New offerings will put pressure on neighbouring states in the competition for land gamblers.
The state of Pennsylvania has seriously upped the competitive ante in land gambling, legalising poker, blackjack and other table games at its casino licensees this week as it seeks to close budgetry gaps with gambling tax revenues.
Casinos in the eastern state have traditionally been restricted to offer only slot gambling. The dramatic change to a wider gambling offering is expected to take up to six months before practical implementation, but reports indicate that the move has caught the attention of several neighbouring states whose casinos will inevitably be impacted, notably New Jersey's Atlantic City.
The extended games offering will be available through 14 Pennsylvanian casinos after the Pennsylvania House voted by a margin of 103 to 89 to approve the introduction of table games. Only 12 Republicans voted for the measure, while 10 Democrats voiced their opposition to it in a vote split largely along party lines.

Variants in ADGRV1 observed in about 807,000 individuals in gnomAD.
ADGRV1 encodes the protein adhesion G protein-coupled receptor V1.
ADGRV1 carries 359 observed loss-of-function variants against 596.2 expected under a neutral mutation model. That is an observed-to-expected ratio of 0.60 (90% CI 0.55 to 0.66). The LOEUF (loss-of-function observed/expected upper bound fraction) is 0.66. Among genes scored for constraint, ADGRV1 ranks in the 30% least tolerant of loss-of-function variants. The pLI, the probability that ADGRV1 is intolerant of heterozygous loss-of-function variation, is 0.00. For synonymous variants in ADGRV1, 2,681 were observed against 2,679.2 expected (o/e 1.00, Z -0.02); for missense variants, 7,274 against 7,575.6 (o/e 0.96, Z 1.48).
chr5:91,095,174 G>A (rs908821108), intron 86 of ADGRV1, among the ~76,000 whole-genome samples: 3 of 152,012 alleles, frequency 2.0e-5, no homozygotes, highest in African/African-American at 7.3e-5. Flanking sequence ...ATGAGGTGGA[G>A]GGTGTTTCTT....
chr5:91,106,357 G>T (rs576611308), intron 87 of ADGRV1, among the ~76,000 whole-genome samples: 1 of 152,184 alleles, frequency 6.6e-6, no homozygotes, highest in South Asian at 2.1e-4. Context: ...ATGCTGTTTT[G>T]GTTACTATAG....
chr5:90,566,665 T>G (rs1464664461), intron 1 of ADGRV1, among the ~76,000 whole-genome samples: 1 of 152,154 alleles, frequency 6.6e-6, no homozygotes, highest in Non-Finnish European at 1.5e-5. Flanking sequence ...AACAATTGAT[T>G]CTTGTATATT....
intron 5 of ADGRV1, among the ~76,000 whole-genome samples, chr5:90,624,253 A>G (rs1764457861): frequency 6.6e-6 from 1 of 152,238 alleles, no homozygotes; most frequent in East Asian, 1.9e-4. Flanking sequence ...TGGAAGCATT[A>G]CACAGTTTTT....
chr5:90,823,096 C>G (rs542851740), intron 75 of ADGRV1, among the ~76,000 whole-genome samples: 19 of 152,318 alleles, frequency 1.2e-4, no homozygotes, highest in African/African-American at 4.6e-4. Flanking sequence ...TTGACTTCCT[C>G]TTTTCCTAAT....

In the Senate, a total of 28 “yays” and 22 “nays” were recorded in a similar margin of victory, reports Associated Press.
In response to the passage, the Mason-Dixon Resort and Casino declared that it would apply for a license to open a property near the historic town of Gettysburg.
Pennsylvania Governor Ed Rendell would have been forced into a quandary if the bill hadn’t passed. Reuters reports indicate that the state would have had to lay off nearly 1 000 of its personnel due to a lack of revenue. Under the new measure, tax funds will be raised from casinos, which will be allowed up to 250 table games, while resorts will be permitted to have up to 50. Licenses would run $16.5 million and $7.5 million, respectively. Table games are taxed at a rate of 16 percent for the first two years and 14 percent thereafter.
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